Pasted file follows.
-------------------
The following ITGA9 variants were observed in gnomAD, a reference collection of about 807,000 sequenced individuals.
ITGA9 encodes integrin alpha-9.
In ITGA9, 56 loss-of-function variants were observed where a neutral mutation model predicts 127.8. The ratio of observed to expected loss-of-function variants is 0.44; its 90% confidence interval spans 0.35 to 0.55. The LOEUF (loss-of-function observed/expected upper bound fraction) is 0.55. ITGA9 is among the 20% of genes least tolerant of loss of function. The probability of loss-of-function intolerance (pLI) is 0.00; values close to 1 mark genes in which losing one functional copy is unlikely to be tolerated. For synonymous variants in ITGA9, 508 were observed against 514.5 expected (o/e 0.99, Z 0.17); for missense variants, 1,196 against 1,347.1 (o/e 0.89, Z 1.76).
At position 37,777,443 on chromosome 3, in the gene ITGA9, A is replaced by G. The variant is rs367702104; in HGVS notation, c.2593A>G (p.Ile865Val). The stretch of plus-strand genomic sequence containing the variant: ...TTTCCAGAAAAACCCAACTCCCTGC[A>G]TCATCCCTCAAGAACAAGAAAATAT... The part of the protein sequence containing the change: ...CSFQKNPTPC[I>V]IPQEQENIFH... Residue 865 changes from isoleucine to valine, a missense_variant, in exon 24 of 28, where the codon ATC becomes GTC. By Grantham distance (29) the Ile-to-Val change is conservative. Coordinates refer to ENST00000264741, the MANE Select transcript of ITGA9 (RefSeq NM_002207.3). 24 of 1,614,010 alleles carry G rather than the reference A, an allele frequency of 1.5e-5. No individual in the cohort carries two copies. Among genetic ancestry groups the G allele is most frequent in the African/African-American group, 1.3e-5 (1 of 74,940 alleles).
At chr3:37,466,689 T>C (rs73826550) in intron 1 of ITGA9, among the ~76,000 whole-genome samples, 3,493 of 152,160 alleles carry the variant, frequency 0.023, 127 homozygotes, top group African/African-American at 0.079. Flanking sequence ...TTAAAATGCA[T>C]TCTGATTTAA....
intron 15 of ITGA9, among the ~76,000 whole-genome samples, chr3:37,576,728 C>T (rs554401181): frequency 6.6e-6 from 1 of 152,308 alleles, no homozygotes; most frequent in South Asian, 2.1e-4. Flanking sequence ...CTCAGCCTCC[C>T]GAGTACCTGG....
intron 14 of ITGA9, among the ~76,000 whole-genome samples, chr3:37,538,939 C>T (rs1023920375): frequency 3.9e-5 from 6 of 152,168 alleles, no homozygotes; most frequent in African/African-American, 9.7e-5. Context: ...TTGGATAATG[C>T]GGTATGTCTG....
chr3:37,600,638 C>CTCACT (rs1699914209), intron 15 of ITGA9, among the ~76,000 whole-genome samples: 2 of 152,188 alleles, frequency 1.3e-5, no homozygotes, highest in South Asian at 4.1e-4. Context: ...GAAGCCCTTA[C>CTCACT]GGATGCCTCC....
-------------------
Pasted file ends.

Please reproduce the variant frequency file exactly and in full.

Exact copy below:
The following ITGA9 variants were observed in gnomAD, a reference collection of about 807,000 sequenced individuals.
ITGA9 encodes integrin alpha-9.
In ITGA9, 56 loss-of-function variants were observed where a neutral mutation model predicts 127.8. The ratio of observed to expected loss-of-function variants is 0.44; its 90% confidence interval spans 0.35 to 0.55. The LOEUF (loss-of-function observed/expected upper bound fraction) is 0.55. ITGA9 is among the 20% of genes least tolerant of loss of function. The probability of loss-of-function intolerance (pLI) is 0.00; values close to 1 mark genes in which losing one functional copy is unlikely to be tolerated. For synonymous variants in ITGA9, 508 were observed against 514.5 expected (o/e 0.99, Z 0.17); for missense variants, 1,196 against 1,347.1 (o/e 0.89, Z 1.76).
At position 37,777,443 on chromosome 3, in the gene ITGA9, A is replaced by G. The variant is rs367702104; in HGVS notation, c.2593A>G (p.Ile865Val). The stretch of plus-strand genomic sequence containing the variant: ...TTTCCAGAAAAACCCAACTCCCTGC[A>G]TCATCCCTCAAGAACAAGAAAATAT... The part of the protein sequence containing the change: ...CSFQKNPTPC[I>V]IPQEQENIFH... Residue 865 changes from isoleucine to valine, a missense_variant, in exon 24 of 28, where the codon ATC becomes GTC. By Grantham distance (29) the Ile-to-Val change is conservative. Coordinates refer to ENST00000264741, the MANE Select transcript of ITGA9 (RefSeq NM_002207.3). 24 of 1,614,010 alleles carry G rather than the reference A, an allele frequency of 1.5e-5. No individual in the cohort carries two copies. Among genetic ancestry groups the G allele is most frequent in the African/African-American group, 1.3e-5 (1 of 74,940 alleles).
At chr3:37,466,689 T>C (rs73826550) in intron 1 of ITGA9, among the ~76,000 whole-genome samples, 3,493 of 152,160 alleles carry the variant, frequency 0.023, 127 homozygotes, top group African/African-American at 0.079. Flanking sequence ...TTAAAATGCA[T>C]TCTGATTTAA....
intron 15 of ITGA9, among the ~76,000 whole-genome samples, chr3:37,576,728 C>T (rs554401181): frequency 6.6e-6 from 1 of 152,308 alleles, no homozygotes; most frequent in South Asian, 2.1e-4. Flanking sequence ...CTCAGCCTCC[C>T]GAGTACCTGG....
intron 14 of ITGA9, among the ~76,000 whole-genome samples, chr3:37,538,939 C>T (rs1023920375): frequency 3.9e-5 from 6 of 152,168 alleles, no homozygotes; most frequent in African/African-American, 9.7e-5. Context: ...TTGGATAATG[C>T]GGTATGTCTG....
chr3:37,600,638 C>CTCACT (rs1699914209), intron 15 of ITGA9, among the ~76,000 whole-genome samples: 2 of 152,188 alleles, frequency 1.3e-5, no homozygotes, highest in South Asian at 4.1e-4. Context: ...GAAGCCCTTA[C>CTCACT]GGATGCCTCC....